Even more determined to solve his problem, Joshua Lane decides that this time he would tie a red ribbon on his thumb to remind him of the reason for the alarm.So the next morning the alarm rings on time,just as the day before. Joshua Lane rises from his slumber,looks at the ribbon on his thumb,hoping to recall the reason for the alarm, is clueless as to why he tied the ribbon on his thumb. As a result, he misses the train, and is late to work again.The tale ends leaving Joshua Lane in a desperate and helpless situation.

It doesn’t take an Einstein to figure out that Forgetful Joshua Lane needs to look for help outside of himself because he’s obviously not doing a very good job at self help.If i were Forgetful Joshua Lane, I’d scream…HELP! I NEED HELP!

Are you like Forgetful Joshua Lane? Forever doing your best and getting nowhere? Putting your best effort and having only repeated failures to show for it? Getting to your wits end when it comes to solving that never ending problem? Then you need to scream HELP! I NEED HELP! You need to be humble enough to admit that you lack the discipline, skills, knowledge or resolve to overcome that challenge.You need to ASK FOR HELP.Don’t keep banging your head against the wall and hoping things will get better.Ask God for help, ask your friends, ask your neighbour for help, ask your spouse, siblings, colleagues, your employees…..whoever.Just don’t continue the cycle of frustration.

That’s what Forgetful Joshua Lane should have done.

– Nigerian Philosopher

It’s time for change bro!

Ok! It’s 2012. New year resolutions are nothing new. I have a few of my own. But people say new year resolutions don’t work. I can understand why they say that, even though I can disprove their theory.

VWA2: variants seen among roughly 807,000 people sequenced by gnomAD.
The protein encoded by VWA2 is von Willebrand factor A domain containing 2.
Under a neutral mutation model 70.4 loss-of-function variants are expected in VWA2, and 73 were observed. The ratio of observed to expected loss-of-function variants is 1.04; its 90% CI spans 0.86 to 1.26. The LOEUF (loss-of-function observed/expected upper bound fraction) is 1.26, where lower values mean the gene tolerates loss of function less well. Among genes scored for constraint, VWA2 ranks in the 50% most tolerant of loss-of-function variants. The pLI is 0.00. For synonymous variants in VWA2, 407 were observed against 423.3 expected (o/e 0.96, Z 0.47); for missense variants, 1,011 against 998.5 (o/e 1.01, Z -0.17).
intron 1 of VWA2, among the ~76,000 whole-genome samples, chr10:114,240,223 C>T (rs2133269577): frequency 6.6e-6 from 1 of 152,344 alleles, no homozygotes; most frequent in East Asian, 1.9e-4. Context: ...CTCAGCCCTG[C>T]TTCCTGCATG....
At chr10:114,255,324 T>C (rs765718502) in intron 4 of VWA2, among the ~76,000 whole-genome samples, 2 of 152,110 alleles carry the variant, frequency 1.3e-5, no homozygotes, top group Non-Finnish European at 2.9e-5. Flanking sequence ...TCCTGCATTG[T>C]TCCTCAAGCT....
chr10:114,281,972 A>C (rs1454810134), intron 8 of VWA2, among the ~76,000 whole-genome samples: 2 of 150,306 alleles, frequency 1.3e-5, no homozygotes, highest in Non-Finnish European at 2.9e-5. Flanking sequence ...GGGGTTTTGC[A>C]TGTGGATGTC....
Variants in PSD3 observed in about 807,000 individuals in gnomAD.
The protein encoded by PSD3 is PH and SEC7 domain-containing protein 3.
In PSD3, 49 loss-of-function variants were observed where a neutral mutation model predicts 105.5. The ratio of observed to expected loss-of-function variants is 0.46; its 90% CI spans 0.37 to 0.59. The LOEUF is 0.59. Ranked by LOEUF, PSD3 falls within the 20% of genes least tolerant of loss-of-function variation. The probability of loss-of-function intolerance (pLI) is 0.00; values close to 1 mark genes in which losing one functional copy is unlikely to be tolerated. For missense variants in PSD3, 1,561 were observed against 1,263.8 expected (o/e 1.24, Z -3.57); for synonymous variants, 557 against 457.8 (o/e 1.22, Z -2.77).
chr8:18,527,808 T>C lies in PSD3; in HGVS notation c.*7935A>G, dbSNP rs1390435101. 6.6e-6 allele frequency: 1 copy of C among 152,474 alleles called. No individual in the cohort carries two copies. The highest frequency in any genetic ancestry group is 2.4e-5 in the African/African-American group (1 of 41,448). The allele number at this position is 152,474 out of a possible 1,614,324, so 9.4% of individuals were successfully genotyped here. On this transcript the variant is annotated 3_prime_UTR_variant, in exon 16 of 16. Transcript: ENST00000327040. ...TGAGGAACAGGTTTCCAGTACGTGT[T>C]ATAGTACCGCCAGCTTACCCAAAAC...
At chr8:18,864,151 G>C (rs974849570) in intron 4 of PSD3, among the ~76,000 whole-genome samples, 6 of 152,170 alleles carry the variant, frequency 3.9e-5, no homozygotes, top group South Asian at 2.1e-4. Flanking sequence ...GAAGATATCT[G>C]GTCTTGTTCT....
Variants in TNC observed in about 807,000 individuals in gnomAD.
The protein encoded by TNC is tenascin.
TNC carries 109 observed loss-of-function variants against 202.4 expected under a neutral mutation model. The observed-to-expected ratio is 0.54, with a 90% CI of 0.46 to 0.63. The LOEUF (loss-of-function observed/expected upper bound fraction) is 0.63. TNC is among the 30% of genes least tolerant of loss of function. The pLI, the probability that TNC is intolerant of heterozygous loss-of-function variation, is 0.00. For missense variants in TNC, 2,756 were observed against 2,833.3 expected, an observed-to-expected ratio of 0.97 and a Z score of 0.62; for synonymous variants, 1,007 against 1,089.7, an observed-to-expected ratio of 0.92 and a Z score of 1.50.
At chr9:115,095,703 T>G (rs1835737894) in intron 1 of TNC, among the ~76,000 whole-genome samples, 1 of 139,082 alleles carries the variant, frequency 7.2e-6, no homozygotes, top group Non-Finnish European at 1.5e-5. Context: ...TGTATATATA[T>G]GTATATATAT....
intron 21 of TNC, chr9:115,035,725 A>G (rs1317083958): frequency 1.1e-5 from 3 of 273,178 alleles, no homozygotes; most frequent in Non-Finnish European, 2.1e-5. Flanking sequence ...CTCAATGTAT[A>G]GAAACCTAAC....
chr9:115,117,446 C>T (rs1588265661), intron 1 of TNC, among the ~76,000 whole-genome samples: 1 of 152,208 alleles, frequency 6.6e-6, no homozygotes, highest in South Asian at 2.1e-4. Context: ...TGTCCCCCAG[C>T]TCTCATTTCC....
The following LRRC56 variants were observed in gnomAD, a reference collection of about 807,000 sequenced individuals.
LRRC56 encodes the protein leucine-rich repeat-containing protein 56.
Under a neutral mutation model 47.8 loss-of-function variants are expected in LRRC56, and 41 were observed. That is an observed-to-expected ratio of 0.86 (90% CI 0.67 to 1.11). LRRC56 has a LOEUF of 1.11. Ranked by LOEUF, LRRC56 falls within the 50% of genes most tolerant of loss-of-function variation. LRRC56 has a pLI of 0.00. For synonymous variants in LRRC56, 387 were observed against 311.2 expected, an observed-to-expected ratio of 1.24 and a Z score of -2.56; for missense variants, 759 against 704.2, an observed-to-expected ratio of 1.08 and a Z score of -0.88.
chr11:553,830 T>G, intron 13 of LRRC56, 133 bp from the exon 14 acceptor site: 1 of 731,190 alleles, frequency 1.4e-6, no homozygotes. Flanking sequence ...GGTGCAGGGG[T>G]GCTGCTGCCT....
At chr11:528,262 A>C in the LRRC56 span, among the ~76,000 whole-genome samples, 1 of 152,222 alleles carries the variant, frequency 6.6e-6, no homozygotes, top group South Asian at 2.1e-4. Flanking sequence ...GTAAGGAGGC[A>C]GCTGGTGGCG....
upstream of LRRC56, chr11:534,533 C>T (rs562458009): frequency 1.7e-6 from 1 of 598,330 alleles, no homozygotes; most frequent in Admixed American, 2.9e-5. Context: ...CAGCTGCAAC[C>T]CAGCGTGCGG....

If  “New year resolutions” never worked, it’s because they were never resolutions in the first place. What most people often jot down at the beginning of the year is New year Wishlist, and not resolution. Resolution is a powerful word. It means “The state or quality of being resolute or simply put, firm determination. The latter gives a clearer picture.

It seems unlikely to me that one with a firm determination to do something will end up not doing that thing he/she has determined to do. Is it likely that person could lose motivation midway? I doubt it! It’s just not possible. The words to watch are firm and determined. Resolutions are children of weak wills (which I am ashamed to admit I’ve had for quite a while).  The trouble has always been that most of us made up a list of things we hoped would happen in the new year without any firm determination to back up our desires. In fact without the firm determination, desires will forever remain impotent. You will peep into the promise land, but have no capacity to enter it.

This year I have resolved to change into the man I have always desired to be. So when I say I have a New year resolution, I mean just that! I have a firm determination to instill discipline in my life, confront all my fears, stay my course till the end of the year, work on all the weaknesses that tripped me in 2012 and most importantly cultivate and constantly improve my relationship with my Creator. I realize all that I lost  in the previous year can be restored  in 2012 if I just resolve to do all that is required to make the necessary changes in my life. So I decided not to make a wish-list this time, but a resolution.

All it takes is a few years of going round in circles for one to understand that in order to make progress, there has got to be some painful sacrifices. And that no one can make those sacrifices unless he/she resolute. So it’s time to make that transition from wishlists to resolutions. I keep saying to myself…. it’s time for change bro!